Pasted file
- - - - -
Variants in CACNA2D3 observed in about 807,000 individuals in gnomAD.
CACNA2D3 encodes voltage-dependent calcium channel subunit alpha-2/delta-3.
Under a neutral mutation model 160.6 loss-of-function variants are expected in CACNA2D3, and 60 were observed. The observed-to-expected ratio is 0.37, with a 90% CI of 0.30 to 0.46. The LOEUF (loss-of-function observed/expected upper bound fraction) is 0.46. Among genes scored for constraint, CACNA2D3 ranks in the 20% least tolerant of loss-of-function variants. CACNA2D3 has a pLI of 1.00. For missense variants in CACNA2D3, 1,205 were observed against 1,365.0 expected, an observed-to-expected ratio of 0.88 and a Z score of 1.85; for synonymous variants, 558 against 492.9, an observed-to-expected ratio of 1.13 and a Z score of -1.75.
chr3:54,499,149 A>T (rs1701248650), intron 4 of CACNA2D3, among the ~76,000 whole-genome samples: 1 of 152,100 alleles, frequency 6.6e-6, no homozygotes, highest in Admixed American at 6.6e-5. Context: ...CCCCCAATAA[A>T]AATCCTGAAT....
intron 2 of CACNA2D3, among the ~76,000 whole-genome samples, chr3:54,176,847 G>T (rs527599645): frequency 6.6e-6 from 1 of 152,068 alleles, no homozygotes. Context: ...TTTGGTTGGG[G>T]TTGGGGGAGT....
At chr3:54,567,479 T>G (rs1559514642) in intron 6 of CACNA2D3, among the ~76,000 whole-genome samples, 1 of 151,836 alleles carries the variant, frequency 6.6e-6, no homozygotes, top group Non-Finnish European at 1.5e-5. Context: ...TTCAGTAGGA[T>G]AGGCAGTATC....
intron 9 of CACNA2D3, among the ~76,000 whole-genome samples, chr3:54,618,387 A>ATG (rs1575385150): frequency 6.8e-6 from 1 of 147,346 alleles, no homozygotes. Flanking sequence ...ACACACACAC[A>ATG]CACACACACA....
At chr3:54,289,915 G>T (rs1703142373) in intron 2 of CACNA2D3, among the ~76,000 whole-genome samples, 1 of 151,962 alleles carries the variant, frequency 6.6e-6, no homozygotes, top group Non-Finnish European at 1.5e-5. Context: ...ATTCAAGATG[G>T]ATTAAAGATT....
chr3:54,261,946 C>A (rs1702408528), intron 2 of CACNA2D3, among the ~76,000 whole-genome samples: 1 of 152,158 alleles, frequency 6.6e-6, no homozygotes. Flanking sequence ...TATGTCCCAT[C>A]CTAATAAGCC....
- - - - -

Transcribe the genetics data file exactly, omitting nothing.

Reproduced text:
Variants in CACNA2D3 observed in about 807,000 individuals in gnomAD.
CACNA2D3 encodes voltage-dependent calcium channel subunit alpha-2/delta-3.
Under a neutral mutation model 160.6 loss-of-function variants are expected in CACNA2D3, and 60 were observed. The observed-to-expected ratio is 0.37, with a 90% CI of 0.30 to 0.46. The LOEUF (loss-of-function observed/expected upper bound fraction) is 0.46. Among genes scored for constraint, CACNA2D3 ranks in the 20% least tolerant of loss-of-function variants. CACNA2D3 has a pLI of 1.00. For missense variants in CACNA2D3, 1,205 were observed against 1,365.0 expected, an observed-to-expected ratio of 0.88 and a Z score of 1.85; for synonymous variants, 558 against 492.9, an observed-to-expected ratio of 1.13 and a Z score of -1.75.
chr3:54,499,149 A>T (rs1701248650), intron 4 of CACNA2D3, among the ~76,000 whole-genome samples: 1 of 152,100 alleles, frequency 6.6e-6, no homozygotes, highest in Admixed American at 6.6e-5. Context: ...CCCCCAATAA[A>T]AATCCTGAAT....
intron 2 of CACNA2D3, among the ~76,000 whole-genome samples, chr3:54,176,847 G>T (rs527599645): frequency 6.6e-6 from 1 of 152,068 alleles, no homozygotes. Context: ...TTTGGTTGGG[G>T]TTGGGGGAGT....
At chr3:54,567,479 T>G (rs1559514642) in intron 6 of CACNA2D3, among the ~76,000 whole-genome samples, 1 of 151,836 alleles carries the variant, frequency 6.6e-6, no homozygotes, top group Non-Finnish European at 1.5e-5. Context: ...TTCAGTAGGA[T>G]AGGCAGTATC....
intron 9 of CACNA2D3, among the ~76,000 whole-genome samples, chr3:54,618,387 A>ATG (rs1575385150): frequency 6.8e-6 from 1 of 147,346 alleles, no homozygotes. Flanking sequence ...ACACACACAC[A>ATG]CACACACACA....
At chr3:54,289,915 G>T (rs1703142373) in intron 2 of CACNA2D3, among the ~76,000 whole-genome samples, 1 of 151,962 alleles carries the variant, frequency 6.6e-6, no homozygotes, top group Non-Finnish European at 1.5e-5. Context: ...ATTCAAGATG[G>T]ATTAAAGATT....
chr3:54,261,946 C>A (rs1702408528), intron 2 of CACNA2D3, among the ~76,000 whole-genome samples: 1 of 152,158 alleles, frequency 6.6e-6, no homozygotes. Flanking sequence ...TATGTCCCAT[C>A]CTAATAAGCC....